Declines to rule on 2008 vote irregularities
By Sheila Pratt, Edmonton JournalEDMONTON—A Court of Queen's justice won't tell the province how to run elections in the wake of the 2008 provincial vote plagued by inaccurate voting lists, long waits to vote and people misdirected to polling stations.Justice Mel Binder, in his writ-ten ruling, declined to say whether those alleged irregularities and others brought to the court by former Liberal leader Kevin Taft added up to an infringement of the right to vote or impeded voters' full participation in the election.Binder did say the province has "the duty of taking reasonable steps" to ensure voters can exercise their right to vote.But because the province has already made significant changes in its election laws, there's no point ruling on past events, Binder wrote."In my view, it is highly speculative that the same problems encountered in the 2008 election will arise during the next election," he said, noting the government has now brought in fixed elections dates and made other changes recommended by the chief electoral officer after the 2008 vote.The next election will be held next spring.The same day the trial opened in late November, the Redford government introduced Bill 21 to set fixed election dates for spring months every four years.A year ago, the government also adopted the recommendation to allow the Chief Electoral Office to appoint returning officers, rather than the provincial cabinet, to eliminate the potential for political bias in the appointments."In my view, legislative changes since 2008 will likely alleviate future problems along the lines of those highlighted by Taft," Binder wrote.Taft launched the case with the hope the judge would make some recommendations on how to improve running Alberta elections, not overturn the results of the 2008 vote.He said he was disappointed the judge did not rule on the substantive issue - that is, whether the government infringed on people's right to vote given the problems in 2008, including an inaccurate voting list that left off 25 per cent of voters. The result was long lineups at the polling stations as citizens had to be sworn in.But Taft says he's not as confident the spring election will be free of problems.Already there are signs of trouble - about 300,000 people were missing from the new voters list put together after an enumeration conducted late in the summer, Taft noted.During the trial, Binder noted that there was evidence the provincial government "did not act reasonably" when it failed for a year to respond to repeated requests from the chief electoral officer to appoint returning officers to allow organizing and training to get underway well in advance.Taft said he was pleased the judge ruled that the government must take "reasonable steps" to make sure people can participate in elections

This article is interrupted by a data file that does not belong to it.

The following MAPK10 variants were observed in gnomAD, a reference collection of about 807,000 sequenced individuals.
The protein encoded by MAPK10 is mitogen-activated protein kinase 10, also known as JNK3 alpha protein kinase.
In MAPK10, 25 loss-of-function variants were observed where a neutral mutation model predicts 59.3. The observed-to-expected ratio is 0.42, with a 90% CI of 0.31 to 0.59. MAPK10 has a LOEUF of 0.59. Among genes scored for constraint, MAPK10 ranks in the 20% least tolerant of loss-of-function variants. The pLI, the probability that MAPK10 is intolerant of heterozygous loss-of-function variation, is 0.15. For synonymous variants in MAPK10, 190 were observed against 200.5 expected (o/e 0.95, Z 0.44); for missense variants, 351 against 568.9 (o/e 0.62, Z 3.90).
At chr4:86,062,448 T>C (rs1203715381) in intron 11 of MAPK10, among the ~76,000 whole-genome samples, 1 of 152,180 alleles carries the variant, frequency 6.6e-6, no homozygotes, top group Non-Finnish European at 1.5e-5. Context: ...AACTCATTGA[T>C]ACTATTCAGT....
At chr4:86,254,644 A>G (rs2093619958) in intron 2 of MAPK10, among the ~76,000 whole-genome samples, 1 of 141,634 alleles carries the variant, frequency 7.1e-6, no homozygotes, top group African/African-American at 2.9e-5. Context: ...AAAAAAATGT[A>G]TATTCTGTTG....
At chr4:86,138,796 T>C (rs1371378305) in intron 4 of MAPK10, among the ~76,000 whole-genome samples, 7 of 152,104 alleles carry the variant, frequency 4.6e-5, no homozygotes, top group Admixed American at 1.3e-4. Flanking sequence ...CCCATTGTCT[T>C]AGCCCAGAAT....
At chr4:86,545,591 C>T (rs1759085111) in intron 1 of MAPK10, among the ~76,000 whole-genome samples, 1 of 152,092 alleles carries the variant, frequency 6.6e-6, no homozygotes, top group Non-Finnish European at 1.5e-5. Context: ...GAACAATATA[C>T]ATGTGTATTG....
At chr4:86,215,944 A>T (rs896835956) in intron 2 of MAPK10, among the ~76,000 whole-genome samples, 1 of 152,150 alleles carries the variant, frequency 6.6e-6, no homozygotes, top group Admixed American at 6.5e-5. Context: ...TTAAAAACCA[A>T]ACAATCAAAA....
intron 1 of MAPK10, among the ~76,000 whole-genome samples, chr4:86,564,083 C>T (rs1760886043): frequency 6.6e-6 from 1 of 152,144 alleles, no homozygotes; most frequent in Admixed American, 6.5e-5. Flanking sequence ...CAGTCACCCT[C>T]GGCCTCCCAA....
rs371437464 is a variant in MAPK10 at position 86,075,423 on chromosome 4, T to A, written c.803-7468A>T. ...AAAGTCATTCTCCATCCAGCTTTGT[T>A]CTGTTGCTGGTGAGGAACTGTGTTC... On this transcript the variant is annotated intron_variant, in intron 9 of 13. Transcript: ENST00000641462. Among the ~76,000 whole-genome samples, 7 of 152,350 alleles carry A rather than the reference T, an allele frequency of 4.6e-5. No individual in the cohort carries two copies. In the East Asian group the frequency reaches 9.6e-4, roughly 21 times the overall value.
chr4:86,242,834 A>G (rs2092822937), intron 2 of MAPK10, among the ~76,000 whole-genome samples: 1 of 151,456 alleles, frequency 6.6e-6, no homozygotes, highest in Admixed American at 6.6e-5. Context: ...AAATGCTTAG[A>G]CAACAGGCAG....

By Sheila Pratt, Edmonton Journalspratt@edmontonjournal.comThis article was published in the Edmonton Journal on December 20, 2011. Read the full article on the Edmonton Journal website.